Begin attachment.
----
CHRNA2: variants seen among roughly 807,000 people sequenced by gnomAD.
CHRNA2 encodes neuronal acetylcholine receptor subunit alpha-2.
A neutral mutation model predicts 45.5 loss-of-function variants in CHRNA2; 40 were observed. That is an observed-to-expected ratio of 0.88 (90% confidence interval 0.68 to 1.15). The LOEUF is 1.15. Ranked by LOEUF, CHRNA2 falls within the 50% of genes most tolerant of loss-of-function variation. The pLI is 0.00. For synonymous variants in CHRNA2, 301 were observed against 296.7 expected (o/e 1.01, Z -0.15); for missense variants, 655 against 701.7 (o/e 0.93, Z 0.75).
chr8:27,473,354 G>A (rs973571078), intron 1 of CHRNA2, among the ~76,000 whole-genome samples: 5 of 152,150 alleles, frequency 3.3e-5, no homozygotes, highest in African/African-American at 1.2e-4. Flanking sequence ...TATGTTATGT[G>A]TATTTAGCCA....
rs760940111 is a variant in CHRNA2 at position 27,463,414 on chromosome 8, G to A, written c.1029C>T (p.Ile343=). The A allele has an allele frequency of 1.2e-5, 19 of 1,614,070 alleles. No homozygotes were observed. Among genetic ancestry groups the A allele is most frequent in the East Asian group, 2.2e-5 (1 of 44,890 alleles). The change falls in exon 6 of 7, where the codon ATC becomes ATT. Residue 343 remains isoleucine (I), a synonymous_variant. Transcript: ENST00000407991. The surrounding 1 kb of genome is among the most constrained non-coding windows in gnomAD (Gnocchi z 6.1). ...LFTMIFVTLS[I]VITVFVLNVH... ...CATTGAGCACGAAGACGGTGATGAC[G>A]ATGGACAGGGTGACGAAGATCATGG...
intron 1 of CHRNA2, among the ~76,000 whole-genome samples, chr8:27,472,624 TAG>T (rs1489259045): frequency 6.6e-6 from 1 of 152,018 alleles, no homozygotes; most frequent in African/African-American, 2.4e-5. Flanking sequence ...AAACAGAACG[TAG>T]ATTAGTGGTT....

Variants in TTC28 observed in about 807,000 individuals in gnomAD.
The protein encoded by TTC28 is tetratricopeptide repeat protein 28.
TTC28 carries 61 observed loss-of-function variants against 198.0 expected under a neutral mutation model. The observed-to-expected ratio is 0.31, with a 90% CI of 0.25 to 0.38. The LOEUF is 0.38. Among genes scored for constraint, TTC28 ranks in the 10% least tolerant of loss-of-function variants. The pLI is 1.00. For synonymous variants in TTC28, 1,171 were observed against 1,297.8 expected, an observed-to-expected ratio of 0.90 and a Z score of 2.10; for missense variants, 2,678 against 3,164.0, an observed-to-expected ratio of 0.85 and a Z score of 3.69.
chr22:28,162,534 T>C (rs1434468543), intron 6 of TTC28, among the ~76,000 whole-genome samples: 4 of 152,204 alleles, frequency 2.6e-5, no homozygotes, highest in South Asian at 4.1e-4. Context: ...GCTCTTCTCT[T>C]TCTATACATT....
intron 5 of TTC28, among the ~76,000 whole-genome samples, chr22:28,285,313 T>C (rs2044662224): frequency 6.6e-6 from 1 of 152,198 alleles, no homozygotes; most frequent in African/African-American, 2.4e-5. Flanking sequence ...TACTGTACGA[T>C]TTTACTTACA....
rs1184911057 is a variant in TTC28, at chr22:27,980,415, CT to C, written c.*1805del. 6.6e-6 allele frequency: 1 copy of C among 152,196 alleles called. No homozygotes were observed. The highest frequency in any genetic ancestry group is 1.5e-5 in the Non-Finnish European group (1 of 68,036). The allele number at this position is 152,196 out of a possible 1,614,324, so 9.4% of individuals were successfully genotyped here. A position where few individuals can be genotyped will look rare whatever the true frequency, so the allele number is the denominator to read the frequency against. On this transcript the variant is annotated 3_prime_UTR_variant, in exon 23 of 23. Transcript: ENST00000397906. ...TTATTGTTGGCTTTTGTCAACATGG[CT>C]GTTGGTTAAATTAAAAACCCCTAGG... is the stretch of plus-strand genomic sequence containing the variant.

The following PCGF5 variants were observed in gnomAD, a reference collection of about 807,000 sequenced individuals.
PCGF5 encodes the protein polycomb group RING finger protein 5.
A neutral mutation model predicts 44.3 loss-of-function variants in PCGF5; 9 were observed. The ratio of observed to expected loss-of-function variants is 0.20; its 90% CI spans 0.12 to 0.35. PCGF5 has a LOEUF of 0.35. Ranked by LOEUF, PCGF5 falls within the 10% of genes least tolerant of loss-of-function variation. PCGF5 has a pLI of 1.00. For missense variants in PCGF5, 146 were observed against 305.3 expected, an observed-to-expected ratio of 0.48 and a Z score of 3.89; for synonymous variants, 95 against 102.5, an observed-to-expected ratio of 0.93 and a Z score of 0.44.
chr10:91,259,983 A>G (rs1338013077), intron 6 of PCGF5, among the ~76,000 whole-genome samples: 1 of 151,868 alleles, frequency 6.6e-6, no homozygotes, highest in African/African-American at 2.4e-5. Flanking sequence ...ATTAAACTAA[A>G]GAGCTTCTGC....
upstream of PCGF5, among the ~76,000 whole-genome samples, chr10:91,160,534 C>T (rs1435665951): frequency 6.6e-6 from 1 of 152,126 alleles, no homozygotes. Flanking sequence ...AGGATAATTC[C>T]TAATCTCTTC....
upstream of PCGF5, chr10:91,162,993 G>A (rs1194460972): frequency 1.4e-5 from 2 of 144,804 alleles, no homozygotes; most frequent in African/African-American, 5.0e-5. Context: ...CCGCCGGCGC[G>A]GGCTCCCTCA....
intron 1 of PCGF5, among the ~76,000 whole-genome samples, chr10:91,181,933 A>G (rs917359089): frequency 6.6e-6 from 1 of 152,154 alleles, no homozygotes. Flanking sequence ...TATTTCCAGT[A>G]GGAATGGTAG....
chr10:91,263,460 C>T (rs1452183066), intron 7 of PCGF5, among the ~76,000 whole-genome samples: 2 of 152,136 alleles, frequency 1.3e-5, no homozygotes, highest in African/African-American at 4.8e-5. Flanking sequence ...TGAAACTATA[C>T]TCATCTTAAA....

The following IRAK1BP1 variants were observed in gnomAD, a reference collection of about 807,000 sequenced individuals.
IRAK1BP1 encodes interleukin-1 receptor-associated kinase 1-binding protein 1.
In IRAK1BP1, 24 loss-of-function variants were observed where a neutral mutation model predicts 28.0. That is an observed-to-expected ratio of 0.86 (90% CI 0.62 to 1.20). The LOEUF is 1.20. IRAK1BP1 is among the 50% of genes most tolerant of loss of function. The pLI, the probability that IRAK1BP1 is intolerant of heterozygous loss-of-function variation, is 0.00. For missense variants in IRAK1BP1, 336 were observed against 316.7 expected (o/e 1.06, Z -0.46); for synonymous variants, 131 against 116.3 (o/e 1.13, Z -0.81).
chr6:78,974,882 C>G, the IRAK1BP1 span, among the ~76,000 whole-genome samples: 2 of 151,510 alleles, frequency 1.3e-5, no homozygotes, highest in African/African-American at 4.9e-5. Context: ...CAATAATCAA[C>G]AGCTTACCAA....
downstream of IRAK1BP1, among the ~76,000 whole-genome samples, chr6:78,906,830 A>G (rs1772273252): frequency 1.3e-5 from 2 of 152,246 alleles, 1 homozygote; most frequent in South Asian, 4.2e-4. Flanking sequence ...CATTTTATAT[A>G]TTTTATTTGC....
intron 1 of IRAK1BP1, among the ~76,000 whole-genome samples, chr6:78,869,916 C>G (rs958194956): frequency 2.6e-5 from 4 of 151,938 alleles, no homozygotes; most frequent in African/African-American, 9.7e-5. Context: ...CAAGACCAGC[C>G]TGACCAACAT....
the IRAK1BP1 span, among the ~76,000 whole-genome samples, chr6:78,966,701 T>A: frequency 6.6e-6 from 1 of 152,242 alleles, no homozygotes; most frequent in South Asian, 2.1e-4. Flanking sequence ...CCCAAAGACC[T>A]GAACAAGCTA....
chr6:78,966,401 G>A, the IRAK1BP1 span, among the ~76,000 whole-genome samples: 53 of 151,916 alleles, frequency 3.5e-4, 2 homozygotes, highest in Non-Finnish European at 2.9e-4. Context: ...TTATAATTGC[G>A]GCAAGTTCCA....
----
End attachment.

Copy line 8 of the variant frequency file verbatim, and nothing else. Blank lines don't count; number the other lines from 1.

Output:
The protein encoded by TTC28 is tetratricopeptide repeat protein 28.